Ukrainian Interior Ministry personnel block pro-EU demonstrators near the Ministry of Internal Affairs in Kiev, December 20.
(photo credit: GLEB GARANICH / REUTERS)
KIEV’S EUROPEAN Square (the renamed Independence Square) was roiling with anger
and confusion in the frozen late afternoon of December 17. Word had just come
through of the deal between Ukrainian President Viktor Yanukovych and his
Russian counterpart, Vladmir Putin, to cut gas prices and purchase Ukrainian
government bonds.Putin had apparently outflanked the protesters, who
were demanding Yanukovych’s resignation and new elections. Having pressured the
government of Ukraine not to sign the Association Agreement with the European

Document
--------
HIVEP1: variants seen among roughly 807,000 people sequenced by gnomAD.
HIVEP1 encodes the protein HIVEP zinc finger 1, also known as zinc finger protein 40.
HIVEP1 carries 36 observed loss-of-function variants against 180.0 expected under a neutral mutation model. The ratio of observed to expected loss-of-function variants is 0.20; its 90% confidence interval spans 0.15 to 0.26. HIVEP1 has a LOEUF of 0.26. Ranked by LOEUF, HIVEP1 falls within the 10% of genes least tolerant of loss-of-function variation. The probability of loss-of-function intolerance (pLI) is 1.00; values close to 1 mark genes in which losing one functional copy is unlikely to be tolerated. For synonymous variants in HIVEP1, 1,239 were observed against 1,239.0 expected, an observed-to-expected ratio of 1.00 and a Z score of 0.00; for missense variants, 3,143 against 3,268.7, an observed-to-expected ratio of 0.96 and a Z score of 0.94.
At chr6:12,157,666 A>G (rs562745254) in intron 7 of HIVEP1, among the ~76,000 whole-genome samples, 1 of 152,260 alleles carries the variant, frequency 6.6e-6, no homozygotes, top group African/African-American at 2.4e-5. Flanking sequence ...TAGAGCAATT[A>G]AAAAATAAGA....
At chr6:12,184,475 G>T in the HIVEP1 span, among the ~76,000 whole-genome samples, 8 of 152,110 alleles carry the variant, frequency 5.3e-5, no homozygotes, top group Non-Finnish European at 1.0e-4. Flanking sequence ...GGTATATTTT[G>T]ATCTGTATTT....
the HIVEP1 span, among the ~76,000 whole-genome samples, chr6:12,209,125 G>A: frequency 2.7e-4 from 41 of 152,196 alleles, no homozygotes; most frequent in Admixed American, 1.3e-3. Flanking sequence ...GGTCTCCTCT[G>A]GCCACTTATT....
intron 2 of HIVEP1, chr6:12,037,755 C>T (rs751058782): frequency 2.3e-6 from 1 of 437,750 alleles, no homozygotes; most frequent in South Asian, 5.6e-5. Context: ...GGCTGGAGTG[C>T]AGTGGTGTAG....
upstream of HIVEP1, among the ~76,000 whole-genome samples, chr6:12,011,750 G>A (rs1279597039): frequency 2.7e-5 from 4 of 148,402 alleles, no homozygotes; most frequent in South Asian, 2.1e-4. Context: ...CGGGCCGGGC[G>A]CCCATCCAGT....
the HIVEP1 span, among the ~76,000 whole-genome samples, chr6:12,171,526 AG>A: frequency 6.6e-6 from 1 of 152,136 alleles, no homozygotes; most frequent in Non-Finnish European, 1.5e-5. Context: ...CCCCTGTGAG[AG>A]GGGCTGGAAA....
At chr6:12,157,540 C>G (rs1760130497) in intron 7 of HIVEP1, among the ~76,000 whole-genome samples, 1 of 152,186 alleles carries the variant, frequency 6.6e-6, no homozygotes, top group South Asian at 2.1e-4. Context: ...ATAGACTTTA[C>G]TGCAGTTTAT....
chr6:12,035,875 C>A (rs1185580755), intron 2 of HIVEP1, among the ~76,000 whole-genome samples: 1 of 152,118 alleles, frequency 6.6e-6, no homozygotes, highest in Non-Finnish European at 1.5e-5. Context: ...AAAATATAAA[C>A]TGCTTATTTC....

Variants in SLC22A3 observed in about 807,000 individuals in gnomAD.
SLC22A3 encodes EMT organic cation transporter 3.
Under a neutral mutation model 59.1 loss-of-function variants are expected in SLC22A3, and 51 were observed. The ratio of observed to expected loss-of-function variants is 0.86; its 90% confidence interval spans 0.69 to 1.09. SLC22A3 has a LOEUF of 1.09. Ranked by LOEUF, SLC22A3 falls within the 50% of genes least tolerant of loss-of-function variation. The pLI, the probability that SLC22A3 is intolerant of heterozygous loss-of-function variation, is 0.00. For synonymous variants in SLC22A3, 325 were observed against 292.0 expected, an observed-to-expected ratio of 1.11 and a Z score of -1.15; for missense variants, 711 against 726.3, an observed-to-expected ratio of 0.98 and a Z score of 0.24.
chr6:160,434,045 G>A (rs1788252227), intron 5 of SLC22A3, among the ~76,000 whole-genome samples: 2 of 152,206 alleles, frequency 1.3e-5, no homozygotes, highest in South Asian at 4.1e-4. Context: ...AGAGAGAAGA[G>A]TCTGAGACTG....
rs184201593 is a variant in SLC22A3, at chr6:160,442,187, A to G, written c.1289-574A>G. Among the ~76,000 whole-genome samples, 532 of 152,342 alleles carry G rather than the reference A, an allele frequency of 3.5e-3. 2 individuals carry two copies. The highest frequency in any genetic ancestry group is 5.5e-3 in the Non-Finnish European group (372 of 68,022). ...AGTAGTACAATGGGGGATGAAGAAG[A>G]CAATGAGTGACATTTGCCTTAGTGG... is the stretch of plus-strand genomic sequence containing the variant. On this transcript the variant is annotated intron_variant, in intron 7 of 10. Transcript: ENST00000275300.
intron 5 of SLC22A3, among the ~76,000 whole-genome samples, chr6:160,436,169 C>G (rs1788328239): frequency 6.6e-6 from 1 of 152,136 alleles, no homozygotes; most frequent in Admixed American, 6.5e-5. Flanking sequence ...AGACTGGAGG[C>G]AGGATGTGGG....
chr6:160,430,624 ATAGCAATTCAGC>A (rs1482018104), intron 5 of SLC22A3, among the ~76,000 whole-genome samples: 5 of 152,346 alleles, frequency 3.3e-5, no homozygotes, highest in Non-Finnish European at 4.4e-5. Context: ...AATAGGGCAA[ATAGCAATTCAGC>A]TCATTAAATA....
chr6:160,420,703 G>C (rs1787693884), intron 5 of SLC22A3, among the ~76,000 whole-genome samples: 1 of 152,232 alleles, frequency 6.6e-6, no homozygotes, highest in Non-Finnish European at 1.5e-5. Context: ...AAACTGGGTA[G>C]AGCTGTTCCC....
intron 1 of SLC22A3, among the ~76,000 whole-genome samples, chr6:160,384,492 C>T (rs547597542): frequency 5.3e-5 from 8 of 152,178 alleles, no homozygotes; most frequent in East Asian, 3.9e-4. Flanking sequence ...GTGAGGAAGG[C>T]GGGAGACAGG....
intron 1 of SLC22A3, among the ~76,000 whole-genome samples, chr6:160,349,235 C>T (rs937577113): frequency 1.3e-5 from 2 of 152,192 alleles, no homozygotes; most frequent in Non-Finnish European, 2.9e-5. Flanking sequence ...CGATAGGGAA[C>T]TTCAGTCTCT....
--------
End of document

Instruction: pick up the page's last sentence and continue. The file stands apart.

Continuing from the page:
Union, the Russian leader made a counter offer of his own: Russia would slash
the price Ukraine would pay for gas by a third; and Moscow would also acquire
$15 billion in Ukraine bonds. The offer was a generous one, but it was clear
that its rationale was not economic in nature. Moscow was willing to pay
whatever price was necessary to keep Ukraine in the fold.
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